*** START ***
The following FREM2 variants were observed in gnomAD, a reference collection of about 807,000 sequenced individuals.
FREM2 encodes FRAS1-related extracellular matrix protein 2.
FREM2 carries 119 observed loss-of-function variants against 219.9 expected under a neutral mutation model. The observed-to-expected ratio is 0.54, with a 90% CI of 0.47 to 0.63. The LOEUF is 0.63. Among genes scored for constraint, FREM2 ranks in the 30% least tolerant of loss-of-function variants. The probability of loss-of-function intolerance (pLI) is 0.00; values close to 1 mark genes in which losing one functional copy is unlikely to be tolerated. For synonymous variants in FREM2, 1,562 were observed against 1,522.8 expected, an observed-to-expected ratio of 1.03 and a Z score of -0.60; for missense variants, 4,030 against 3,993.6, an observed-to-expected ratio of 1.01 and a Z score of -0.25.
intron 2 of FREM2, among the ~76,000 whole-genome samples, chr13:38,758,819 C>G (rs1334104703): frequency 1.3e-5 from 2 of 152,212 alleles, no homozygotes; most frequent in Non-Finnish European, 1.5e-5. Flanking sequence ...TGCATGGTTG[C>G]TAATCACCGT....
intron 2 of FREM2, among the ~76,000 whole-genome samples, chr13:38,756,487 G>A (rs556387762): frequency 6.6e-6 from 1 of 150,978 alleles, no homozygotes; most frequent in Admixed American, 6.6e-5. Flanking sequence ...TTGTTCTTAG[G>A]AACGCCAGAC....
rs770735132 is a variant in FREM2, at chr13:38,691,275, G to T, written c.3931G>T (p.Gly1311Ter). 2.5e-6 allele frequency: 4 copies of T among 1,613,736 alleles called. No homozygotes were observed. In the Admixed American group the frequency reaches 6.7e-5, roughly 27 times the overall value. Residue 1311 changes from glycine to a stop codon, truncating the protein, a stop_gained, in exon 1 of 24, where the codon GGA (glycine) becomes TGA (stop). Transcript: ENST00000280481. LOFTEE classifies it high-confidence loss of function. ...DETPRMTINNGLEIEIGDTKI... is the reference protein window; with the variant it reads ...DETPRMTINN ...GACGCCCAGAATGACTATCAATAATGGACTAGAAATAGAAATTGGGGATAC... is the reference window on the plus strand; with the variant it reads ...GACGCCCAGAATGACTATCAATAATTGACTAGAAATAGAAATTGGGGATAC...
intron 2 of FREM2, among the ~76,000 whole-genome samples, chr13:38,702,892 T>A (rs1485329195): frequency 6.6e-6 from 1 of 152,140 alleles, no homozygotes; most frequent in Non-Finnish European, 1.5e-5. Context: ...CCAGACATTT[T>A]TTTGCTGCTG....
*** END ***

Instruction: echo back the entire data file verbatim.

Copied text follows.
The following FREM2 variants were observed in gnomAD, a reference collection of about 807,000 sequenced individuals.
FREM2 encodes FRAS1-related extracellular matrix protein 2.
FREM2 carries 119 observed loss-of-function variants against 219.9 expected under a neutral mutation model. The observed-to-expected ratio is 0.54, with a 90% CI of 0.47 to 0.63. The LOEUF is 0.63. Among genes scored for constraint, FREM2 ranks in the 30% least tolerant of loss-of-function variants. The probability of loss-of-function intolerance (pLI) is 0.00; values close to 1 mark genes in which losing one functional copy is unlikely to be tolerated. For synonymous variants in FREM2, 1,562 were observed against 1,522.8 expected, an observed-to-expected ratio of 1.03 and a Z score of -0.60; for missense variants, 4,030 against 3,993.6, an observed-to-expected ratio of 1.01 and a Z score of -0.25.
intron 2 of FREM2, among the ~76,000 whole-genome samples, chr13:38,758,819 C>G (rs1334104703): frequency 1.3e-5 from 2 of 152,212 alleles, no homozygotes; most frequent in Non-Finnish European, 1.5e-5. Flanking sequence ...TGCATGGTTG[C>G]TAATCACCGT....
intron 2 of FREM2, among the ~76,000 whole-genome samples, chr13:38,756,487 G>A (rs556387762): frequency 6.6e-6 from 1 of 150,978 alleles, no homozygotes; most frequent in Admixed American, 6.6e-5. Flanking sequence ...TTGTTCTTAG[G>A]AACGCCAGAC....
rs770735132 is a variant in FREM2, at chr13:38,691,275, G to T, written c.3931G>T (p.Gly1311Ter). 2.5e-6 allele frequency: 4 copies of T among 1,613,736 alleles called. No homozygotes were observed. In the Admixed American group the frequency reaches 6.7e-5, roughly 27 times the overall value. Residue 1311 changes from glycine to a stop codon, truncating the protein, a stop_gained, in exon 1 of 24, where the codon GGA (glycine) becomes TGA (stop). Transcript: ENST00000280481. LOFTEE classifies it high-confidence loss of function. ...DETPRMTINNGLEIEIGDTKI... is the reference protein window; with the variant it reads ...DETPRMTINN ...GACGCCCAGAATGACTATCAATAATGGACTAGAAATAGAAATTGGGGATAC... is the reference window on the plus strand; with the variant it reads ...GACGCCCAGAATGACTATCAATAATTGACTAGAAATAGAAATTGGGGATAC...
intron 2 of FREM2, among the ~76,000 whole-genome samples, chr13:38,702,892 T>A (rs1485329195): frequency 6.6e-6 from 1 of 152,140 alleles, no homozygotes; most frequent in Non-Finnish European, 1.5e-5. Context: ...CCAGACATTT[T>A]TTTGCTGCTG....